American Morning

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October 26th, 2011
07:59 AM ET

AM Minding Your Business for Oct. 26, 2011

Today on American Morning, Christine Romans reports on the morning business news headlines.

Today we're watching:

* As of this writing, U.S. stock futures are trading higher. But markets took a hit yesterday, with the Dow dropping 1.7 percent as fears about Europe's debt kicked up towards the end of trading.
* Today, all 27 leaders of the European Union will meet in Brussels to come up with a grand debt plan. Details of the plan are expected to be announced this afternoon
* Former Goldman Sachs director Raja Gupta is expected to turn himself into the FBI this morning. Sources tell CNN he'll face federal charges related to the insider trading trial of hedge fund founder Raj Rajaratnam.
* Amazon shares are taking a beating after it announced third quarter earnings missed estimates.
* What's the 'it' gift this year for Christmas? A tablet computer, a new study shows.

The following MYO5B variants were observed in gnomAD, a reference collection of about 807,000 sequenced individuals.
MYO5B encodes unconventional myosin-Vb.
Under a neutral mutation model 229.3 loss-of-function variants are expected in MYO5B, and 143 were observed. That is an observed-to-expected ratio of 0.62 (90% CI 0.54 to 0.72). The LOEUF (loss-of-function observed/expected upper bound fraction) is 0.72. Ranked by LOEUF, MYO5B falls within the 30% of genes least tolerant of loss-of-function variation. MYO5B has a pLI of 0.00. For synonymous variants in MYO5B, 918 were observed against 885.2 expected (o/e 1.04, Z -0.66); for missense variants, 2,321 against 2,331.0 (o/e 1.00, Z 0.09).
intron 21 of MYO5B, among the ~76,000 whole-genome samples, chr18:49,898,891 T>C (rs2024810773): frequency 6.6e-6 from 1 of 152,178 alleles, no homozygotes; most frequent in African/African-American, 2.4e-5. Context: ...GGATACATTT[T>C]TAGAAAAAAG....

* Apple's next big product may be a television that can do everything.

Tune in to American Morning at 6am Eastern every day for the latest in business news.


Filed under: Minding Your Business
October 26th, 2011
05:30 AM ET

Talk Back: Can rich politicians relate to ordinary Americans?

[cnn-photo-caption image=http://i2.cdn.turner.com/cnn/2011/images/08/30/costello_vert.jpg width=200 height=230 align="right"]

From CNN's Carol Costello:

According to a CNN/ORC poll, the majority of Americans think Wall Street bankers are dishonest, greedy and overpaid. Rick Perry capitalized on this sentiment yesterday on CNBC when he called Mitt Romney a "fat cat," a term that is toxic these days.

Although Romney is not a banker, with an estimated net worth of up to 250 million dollars, he's as rich as one. However, just because he's rich, doesn't mean he's heartless. Romney says his business savvy can create what working Americans need the most.

At a town hall meeting in Iowa, Romney told supporters, "For me, one of the key criteria in looking at tax policy is to make sure that we help the people that need the help most, and in our country, the people who need the help most are not the poor, who have a safety net, not the rich, who are doing just fine, but the middle class."

Talk Back: Can rich politicians relate to ordinary Americans?

Let us know what you think. Your answer may be read on this morning's broadcast.


Filed under: AM Talk Back
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